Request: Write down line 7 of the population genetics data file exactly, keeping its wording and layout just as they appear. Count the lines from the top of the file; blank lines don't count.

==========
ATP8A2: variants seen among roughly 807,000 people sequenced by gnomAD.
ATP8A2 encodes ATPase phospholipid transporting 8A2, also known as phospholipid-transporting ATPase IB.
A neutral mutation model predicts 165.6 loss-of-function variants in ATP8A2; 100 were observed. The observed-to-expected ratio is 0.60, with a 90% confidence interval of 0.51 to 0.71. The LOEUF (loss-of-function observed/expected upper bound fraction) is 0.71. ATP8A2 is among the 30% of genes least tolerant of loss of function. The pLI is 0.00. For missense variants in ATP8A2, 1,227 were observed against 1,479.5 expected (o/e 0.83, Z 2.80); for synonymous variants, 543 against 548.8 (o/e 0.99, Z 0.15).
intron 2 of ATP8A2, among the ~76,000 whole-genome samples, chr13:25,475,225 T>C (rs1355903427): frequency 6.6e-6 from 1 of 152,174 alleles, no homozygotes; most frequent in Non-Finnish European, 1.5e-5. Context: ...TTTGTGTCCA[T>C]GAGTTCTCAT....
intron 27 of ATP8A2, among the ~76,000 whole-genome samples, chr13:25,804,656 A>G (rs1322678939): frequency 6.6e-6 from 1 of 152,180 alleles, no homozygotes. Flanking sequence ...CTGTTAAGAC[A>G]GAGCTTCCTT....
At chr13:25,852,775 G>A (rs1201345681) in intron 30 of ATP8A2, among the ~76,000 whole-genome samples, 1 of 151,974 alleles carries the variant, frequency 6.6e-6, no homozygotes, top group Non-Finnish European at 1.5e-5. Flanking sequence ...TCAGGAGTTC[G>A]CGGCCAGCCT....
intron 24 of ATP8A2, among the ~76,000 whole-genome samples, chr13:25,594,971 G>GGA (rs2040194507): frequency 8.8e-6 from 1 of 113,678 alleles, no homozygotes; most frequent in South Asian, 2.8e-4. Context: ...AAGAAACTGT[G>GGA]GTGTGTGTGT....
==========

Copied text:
intron 24 of ATP8A2, among the ~76,000 whole-genome samples, chr13:25,594,971 G>GGA (rs2040194507): frequency 8.8e-6 from 1 of 113,678 alleles, no homozygotes; most frequent in South Asian, 2.8e-4. Context: ...AAGAAACTGT[G>GGA]GTGTGTGTGT....